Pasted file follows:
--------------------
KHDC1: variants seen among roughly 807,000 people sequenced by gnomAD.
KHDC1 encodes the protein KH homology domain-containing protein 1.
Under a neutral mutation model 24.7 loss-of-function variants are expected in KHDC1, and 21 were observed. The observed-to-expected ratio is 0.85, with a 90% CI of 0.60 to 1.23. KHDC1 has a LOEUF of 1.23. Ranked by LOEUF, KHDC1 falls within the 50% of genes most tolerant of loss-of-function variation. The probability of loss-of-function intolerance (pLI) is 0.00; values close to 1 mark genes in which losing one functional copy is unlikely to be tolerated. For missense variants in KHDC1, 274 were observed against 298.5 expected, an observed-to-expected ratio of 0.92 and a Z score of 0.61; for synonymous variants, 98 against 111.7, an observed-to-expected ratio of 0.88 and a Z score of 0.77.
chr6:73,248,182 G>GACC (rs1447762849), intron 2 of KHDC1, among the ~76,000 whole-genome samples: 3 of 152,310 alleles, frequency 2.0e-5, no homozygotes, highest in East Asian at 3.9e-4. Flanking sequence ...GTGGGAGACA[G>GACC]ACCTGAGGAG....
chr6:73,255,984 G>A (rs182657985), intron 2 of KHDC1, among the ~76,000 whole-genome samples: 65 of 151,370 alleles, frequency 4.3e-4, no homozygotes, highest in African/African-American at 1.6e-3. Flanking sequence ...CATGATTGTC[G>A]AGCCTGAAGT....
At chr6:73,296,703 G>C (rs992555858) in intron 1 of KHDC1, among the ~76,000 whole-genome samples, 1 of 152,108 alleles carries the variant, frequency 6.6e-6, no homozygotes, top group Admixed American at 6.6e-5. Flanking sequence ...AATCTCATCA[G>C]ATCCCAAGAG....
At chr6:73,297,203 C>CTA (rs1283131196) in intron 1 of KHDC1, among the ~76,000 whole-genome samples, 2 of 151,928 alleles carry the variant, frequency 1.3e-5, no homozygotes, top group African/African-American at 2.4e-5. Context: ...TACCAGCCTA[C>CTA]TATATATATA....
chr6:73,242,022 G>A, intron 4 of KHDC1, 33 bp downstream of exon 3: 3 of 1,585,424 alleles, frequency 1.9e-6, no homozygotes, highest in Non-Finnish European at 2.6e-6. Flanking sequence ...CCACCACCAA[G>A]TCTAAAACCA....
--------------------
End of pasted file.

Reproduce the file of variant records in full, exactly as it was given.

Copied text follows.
KHDC1: variants seen among roughly 807,000 people sequenced by gnomAD.
KHDC1 encodes the protein KH homology domain-containing protein 1.
Under a neutral mutation model 24.7 loss-of-function variants are expected in KHDC1, and 21 were observed. The observed-to-expected ratio is 0.85, with a 90% CI of 0.60 to 1.23. KHDC1 has a LOEUF of 1.23. Ranked by LOEUF, KHDC1 falls within the 50% of genes most tolerant of loss-of-function variation. The probability of loss-of-function intolerance (pLI) is 0.00; values close to 1 mark genes in which losing one functional copy is unlikely to be tolerated. For missense variants in KHDC1, 274 were observed against 298.5 expected, an observed-to-expected ratio of 0.92 and a Z score of 0.61; for synonymous variants, 98 against 111.7, an observed-to-expected ratio of 0.88 and a Z score of 0.77.
chr6:73,248,182 G>GACC (rs1447762849), intron 2 of KHDC1, among the ~76,000 whole-genome samples: 3 of 152,310 alleles, frequency 2.0e-5, no homozygotes, highest in East Asian at 3.9e-4. Flanking sequence ...GTGGGAGACA[G>GACC]ACCTGAGGAG....
chr6:73,255,984 G>A (rs182657985), intron 2 of KHDC1, among the ~76,000 whole-genome samples: 65 of 151,370 alleles, frequency 4.3e-4, no homozygotes, highest in African/African-American at 1.6e-3. Flanking sequence ...CATGATTGTC[G>A]AGCCTGAAGT....
At chr6:73,296,703 G>C (rs992555858) in intron 1 of KHDC1, among the ~76,000 whole-genome samples, 1 of 152,108 alleles carries the variant, frequency 6.6e-6, no homozygotes, top group Admixed American at 6.6e-5. Flanking sequence ...AATCTCATCA[G>C]ATCCCAAGAG....
At chr6:73,297,203 C>CTA (rs1283131196) in intron 1 of KHDC1, among the ~76,000 whole-genome samples, 2 of 151,928 alleles carry the variant, frequency 1.3e-5, no homozygotes, top group African/African-American at 2.4e-5. Context: ...TACCAGCCTA[C>CTA]TATATATATA....
chr6:73,242,022 G>A, intron 4 of KHDC1, 33 bp downstream of exon 3: 3 of 1,585,424 alleles, frequency 1.9e-6, no homozygotes, highest in Non-Finnish European at 2.6e-6. Flanking sequence ...CCACCACCAA[G>A]TCTAAAACCA....